Summer days are almost here, and many of us our considering how we can use the warmer weather and extra daylight to give back to our community through volunteering.
Volunteering with a new organization for the first time, or volunteering for the first time ever can be overwhelming for many people! At The City Mission, our goal is to help you feel comfortable and knowledgeable before you even step through the door. Here are 10 ways to help you prepare to serve, avoid burnout, and maintain excitement while empowering others in any volunteer role at the Mission or elsewhere!
A quick Google search will pull up hundreds of volunteer opportunities across the city. Where do you begin? Try to look for an opportunity that serves a cause close to your heart, and then see how your unique abilities can be utilized.
At The City Mission, potential volunteers begin their application by attending one of our monthly Prospective Volunteer Introductions (PVI). PVI’s help people learn about the organization and volunteer opportunities, so that they can determine what role will be the best fit for their time and talents.
Summer is an especially great time to begin volunteering, because many day camp programs for children in need resume in place of school. At The City Mission, recovery programming continues for moms at Laura’s Home Women’s Crisis Center, which means creating engaging, fun, educational activities for students on break becomes a large undertaking for staff. Consider starting your volunteer career by providing for kids programming through a one-time-service opportunity like Adopt-a-Day!
Once you decide on the organization you’d like to volunteer with, take the plunge and commit to an opportunity. You can make a difference whether you serve one time or weekly. Be sure to stay faithful to your scheduled times and give advance notice if you need to miss a day. Coordinating volunteers is no small task, so be a great volunteer by respecting the time of both clients and staff wherever you serve.
3. Be Flexible
Day-to-day activities at a nonprofit can vary greatly depending on the season and the challenges an organization is facing at any particular moment. As a volunteer, roll with unanticipated changes in your schedule and be willing to assist with unexpected tasks if needed. This type of flexibility is highly appreciated whenever the staff needs to prioritize something they didn’t anticipate.
4. Enjoy Yourself
Volunteering doesn’t have to be hard – in fact, it can be a lot of fun! Use volunteering to explore a hobby or teach it to others. Be creative with the services and talents you bring. Get excited to make a difference. And make new friends along the way!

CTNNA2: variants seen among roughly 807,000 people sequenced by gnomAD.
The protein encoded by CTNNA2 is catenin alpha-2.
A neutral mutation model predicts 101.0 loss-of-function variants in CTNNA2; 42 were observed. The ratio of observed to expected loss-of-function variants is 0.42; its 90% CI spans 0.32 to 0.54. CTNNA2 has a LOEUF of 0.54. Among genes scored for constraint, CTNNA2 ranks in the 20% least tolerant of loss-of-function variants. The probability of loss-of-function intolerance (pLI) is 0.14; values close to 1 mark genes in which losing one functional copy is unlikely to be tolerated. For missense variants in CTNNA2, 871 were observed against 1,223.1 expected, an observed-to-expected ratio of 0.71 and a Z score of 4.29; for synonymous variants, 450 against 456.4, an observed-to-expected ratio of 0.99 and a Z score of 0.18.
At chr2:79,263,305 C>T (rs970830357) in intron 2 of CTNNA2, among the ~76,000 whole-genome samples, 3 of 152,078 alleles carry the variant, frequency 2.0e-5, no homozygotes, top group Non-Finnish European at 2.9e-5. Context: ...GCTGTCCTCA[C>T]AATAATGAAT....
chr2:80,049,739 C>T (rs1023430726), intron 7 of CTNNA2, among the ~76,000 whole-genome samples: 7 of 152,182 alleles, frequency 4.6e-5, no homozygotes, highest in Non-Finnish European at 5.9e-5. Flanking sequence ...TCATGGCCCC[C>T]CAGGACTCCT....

5. Volunteer with Others
Speaking of friends, why not recruit some to volunteer with you? Volunteering with family, coworkers, church group or a significant other is a free and rewarding way to bond and learn about one another.
At The City Mission, groups can easily volunteer by preparing a meal, providing games and decorations for a holiday event, landscaping, or simply hanging out with guests and watching baseball on TV. Volunteering with others can allow you to feel more comfortable right off the bat, and encourage those you’re serving by showing them that many people care.
6. Volunteer Your Ideas.
If you have an idea, speak up! Your outsider perspective could spot how an organization could be doing something more efficiently, effectively, or consistently. You have unique talents and skills to share, and a nonprofit could greatly benefit from fresh thoughts.
7. Remember Who You Are Serving.
Ultimately, the goal is to give – not to get. If your volunteer role involves interaction with the clients of an organization, it’s important to remember that these individuals might be going through very difficult trials in their life. Activities may not always go as planned, interactions might not always be easy, and preconceived notions may be challenged as you serve.
The City Mission is home to almost 300 people between Laura’s Home Women’s Crisis Center and Crossroads Men’s Crisis Center, and these guests don’t get to leave when the day is through. Be prepared to rethink your expectations about people, places and ideas.
8. Learn something new.
Organizations appreciate the donation of your time and are excited to give back to you too by helping you gain new skills and knowledge from your volunteer experience.
9. Don’t overcommit.
As eager as you are to make a difference, it’s important not to let service projects rule your schedule. Make sure you balance your time carefully so that your professional, personal or family life doesn’t take a critical hit.
10. Be You.
Volunteering should use your unique talents, skills, and personality – whether you’re teaching sign language or computer shortcuts, baking cookies or playing football, your strengths can make The City Mission and other organizations a better place to be.
Hopefully this list is helpful to new and old volunteers wherever you choose to serve! Your time is valuable, and becomes even more valuable when you use it to empower people, serve organizations and transform communities. If you’re interested in volunteer opportunities with The City Mission, sign up for a Prospective Volunteer Introduction or apply for a group project today!